pot roast

Meat and vegetables cooked separately in pressure cooker. Round roast cut into discs, floured and seasoned, sauteed then pressured on high for forty-five minutes. Vegetables using same liquid for fifteen minutes.

highly processed apple and cheese

Did I say highly processed? I'm sorry. Meant to say, cut.


* steel cut oatmeal poured into a bowl
* salt
* brown sugar mixed with melted butter and vegetable oil
* corn syrup
* bag of trail mix
* chopped almonds and broken pecans
* coconut
* vanilla extract
* few tablespoons of whole wheat flour to assist clumpage
* few tablespoons water

Mix until slightly clumpy. Press into a lined pan. Bake at 350℉ for thirty minutes. Cool. Break apart. Photograph. Upload photograph. Tag photograph. Copy address of photograph. Enter blog post. Consume granola. Seek addiction therapy.

roasted chicken salad

You'll never get anything this good in a deli. No brag, just arrogance. The reason is because the ingredients are perfect and the mayonnaise is carefully prepared with imaginative components. Did I just now say carefully? I meant to say insouciantly, but masterfully,  with the certain knowledge that some things in appropriate proportions always work together well. Once you intuit the basics you can make enhancements and subtractions at will with confidence the result will always be excellent.

This dish, for instance, might look like a repeat but it never comes out the same way twice. This time I omitted garlic from the mayonnaise because I simply forgot, and added sugar. And nobody said,  "Hey! This mayonnaise would be pretty good if it just had a little garlic in it"  And do you know why?  Because I was the only person here, that's why, and I'd be talking to myself, then wouldn't I?  Used an apple in the salad because I'm long on apples right now.  Used commercial pickle relish which is also sweet instead of my own relish, so the result is sweeter than usual.  This dish as prepared here would appeal to children.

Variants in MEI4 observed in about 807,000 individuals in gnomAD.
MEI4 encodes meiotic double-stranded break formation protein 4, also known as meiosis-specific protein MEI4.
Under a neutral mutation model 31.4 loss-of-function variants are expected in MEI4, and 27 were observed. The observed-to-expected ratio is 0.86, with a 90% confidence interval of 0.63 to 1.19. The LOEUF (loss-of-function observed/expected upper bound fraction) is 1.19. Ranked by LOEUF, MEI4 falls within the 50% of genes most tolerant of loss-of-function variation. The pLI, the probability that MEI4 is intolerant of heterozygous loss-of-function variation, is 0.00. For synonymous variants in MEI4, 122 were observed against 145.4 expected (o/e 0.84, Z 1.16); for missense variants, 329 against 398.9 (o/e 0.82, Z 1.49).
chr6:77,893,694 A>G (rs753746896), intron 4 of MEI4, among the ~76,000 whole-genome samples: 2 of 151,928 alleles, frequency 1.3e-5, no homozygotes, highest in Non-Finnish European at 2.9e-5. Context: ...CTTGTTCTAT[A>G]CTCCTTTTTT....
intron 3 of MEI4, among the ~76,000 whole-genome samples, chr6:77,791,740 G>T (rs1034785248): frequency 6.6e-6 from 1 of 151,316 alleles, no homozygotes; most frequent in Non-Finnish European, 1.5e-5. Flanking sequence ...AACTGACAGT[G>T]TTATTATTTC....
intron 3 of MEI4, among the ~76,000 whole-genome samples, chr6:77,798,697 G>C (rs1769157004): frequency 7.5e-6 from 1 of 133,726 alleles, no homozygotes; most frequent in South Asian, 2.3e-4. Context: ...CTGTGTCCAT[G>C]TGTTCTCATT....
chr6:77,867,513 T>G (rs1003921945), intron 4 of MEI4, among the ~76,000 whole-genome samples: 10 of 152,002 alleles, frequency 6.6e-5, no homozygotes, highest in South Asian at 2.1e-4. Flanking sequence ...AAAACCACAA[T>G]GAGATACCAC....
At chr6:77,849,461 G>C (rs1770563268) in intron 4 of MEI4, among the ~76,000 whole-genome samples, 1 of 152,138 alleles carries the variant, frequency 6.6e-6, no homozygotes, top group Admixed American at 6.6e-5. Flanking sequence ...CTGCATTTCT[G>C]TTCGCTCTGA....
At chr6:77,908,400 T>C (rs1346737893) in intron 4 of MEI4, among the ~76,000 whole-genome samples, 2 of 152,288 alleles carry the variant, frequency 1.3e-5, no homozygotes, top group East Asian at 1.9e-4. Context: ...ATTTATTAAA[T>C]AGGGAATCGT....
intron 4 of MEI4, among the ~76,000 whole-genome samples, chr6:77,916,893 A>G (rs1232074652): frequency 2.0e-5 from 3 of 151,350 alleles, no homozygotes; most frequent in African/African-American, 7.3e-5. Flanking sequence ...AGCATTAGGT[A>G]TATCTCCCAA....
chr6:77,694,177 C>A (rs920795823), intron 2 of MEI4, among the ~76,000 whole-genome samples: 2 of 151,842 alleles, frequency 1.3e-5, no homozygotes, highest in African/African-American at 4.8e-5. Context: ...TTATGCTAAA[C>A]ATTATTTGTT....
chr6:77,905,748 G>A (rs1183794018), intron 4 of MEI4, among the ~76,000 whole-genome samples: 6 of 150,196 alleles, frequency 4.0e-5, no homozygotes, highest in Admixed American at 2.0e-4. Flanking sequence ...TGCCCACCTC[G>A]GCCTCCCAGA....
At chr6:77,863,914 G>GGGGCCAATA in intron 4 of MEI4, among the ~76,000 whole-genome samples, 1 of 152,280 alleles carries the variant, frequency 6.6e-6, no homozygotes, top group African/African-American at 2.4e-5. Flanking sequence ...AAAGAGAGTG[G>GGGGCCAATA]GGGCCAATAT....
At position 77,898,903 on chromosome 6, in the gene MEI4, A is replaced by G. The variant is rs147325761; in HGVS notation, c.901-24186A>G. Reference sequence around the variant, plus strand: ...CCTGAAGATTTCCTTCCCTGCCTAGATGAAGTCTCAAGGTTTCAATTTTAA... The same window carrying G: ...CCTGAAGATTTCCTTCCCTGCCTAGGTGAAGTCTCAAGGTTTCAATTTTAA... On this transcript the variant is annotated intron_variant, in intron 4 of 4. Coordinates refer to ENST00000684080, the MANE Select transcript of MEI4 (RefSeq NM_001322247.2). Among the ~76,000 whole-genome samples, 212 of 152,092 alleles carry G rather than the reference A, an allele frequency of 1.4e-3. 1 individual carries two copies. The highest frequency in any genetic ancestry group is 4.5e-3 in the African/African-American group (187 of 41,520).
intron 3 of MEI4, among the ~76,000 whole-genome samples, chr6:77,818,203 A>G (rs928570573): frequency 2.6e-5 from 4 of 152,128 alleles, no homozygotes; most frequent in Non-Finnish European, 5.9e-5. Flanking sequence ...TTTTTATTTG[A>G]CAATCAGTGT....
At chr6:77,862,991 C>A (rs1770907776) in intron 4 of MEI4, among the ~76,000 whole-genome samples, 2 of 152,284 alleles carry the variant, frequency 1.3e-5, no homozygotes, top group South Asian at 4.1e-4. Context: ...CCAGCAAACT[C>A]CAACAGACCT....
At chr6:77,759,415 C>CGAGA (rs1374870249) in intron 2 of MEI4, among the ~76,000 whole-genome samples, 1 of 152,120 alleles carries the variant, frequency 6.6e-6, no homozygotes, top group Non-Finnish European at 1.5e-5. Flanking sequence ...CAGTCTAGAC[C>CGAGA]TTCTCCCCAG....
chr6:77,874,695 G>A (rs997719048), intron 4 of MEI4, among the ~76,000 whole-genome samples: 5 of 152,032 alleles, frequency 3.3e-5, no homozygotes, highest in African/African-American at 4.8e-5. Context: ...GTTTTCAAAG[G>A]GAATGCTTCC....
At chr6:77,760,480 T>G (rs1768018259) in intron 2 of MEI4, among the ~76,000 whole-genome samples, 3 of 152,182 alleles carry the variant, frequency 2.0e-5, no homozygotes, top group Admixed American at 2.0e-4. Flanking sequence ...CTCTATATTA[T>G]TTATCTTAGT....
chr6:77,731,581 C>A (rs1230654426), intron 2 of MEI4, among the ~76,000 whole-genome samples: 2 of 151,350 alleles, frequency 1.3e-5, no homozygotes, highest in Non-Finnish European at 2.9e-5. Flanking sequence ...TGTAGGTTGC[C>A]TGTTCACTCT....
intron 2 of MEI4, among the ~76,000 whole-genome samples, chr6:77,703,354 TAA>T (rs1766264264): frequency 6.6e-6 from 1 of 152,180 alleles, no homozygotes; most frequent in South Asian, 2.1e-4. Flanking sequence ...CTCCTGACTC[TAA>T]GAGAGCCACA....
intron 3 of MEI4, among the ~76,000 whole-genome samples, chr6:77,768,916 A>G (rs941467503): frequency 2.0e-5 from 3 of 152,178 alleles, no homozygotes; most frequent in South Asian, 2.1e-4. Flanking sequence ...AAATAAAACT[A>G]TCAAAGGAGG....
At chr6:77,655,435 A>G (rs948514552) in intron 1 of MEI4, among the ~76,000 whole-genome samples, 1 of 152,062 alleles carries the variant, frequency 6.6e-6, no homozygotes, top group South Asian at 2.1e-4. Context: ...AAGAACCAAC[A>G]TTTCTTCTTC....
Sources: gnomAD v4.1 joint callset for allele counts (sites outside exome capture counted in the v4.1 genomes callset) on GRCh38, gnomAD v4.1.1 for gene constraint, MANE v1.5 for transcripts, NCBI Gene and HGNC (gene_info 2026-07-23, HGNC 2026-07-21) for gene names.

No nuts, no raisins, no tomato, none of the usual additions except Parmigiano Reggiano crumbled, which is a little salty. Ginger from a jar because my favorite neighborhood store was out of fresh ginger last time I visited. That caused a slight but detectable difference.  

If you bought something similar from a deli, they'd have used generic mayonnaise from a #10 can and there's simply no comparison to home-made mayonnaise whipped up for the occasion. Also deli noodles would inevitably be overcooked. They'd use pre-shredded Parmigiano of poor quality, or none at all to keep down cost. They'd probably use boiled chicken. Dehydrated onion, or the kind that stings your tongue. See how all that would resemble chicken salad but totally fail in a contest with this? Of course you do. Plus this is fun to make.

pasta alfredo primavera carbonara

Frankly, I don't know what to call this. All I know is it's simply the most delicious pasta dish I've ever tasted. My lunch date agreed. She helped make it. It's a bit of everything all at once, and it's simply outstanding. Perhaps complexly outstanding. It starts with great ingredients.

* Hand made pasta noodles using semolina and whole grain home-milled flour coated, after being cooked, with a boat load of grated parmigiano reggiano. OK fine. Maybe half a boat load. A small boat. A toy boat. Half a toy boat full, how's that then?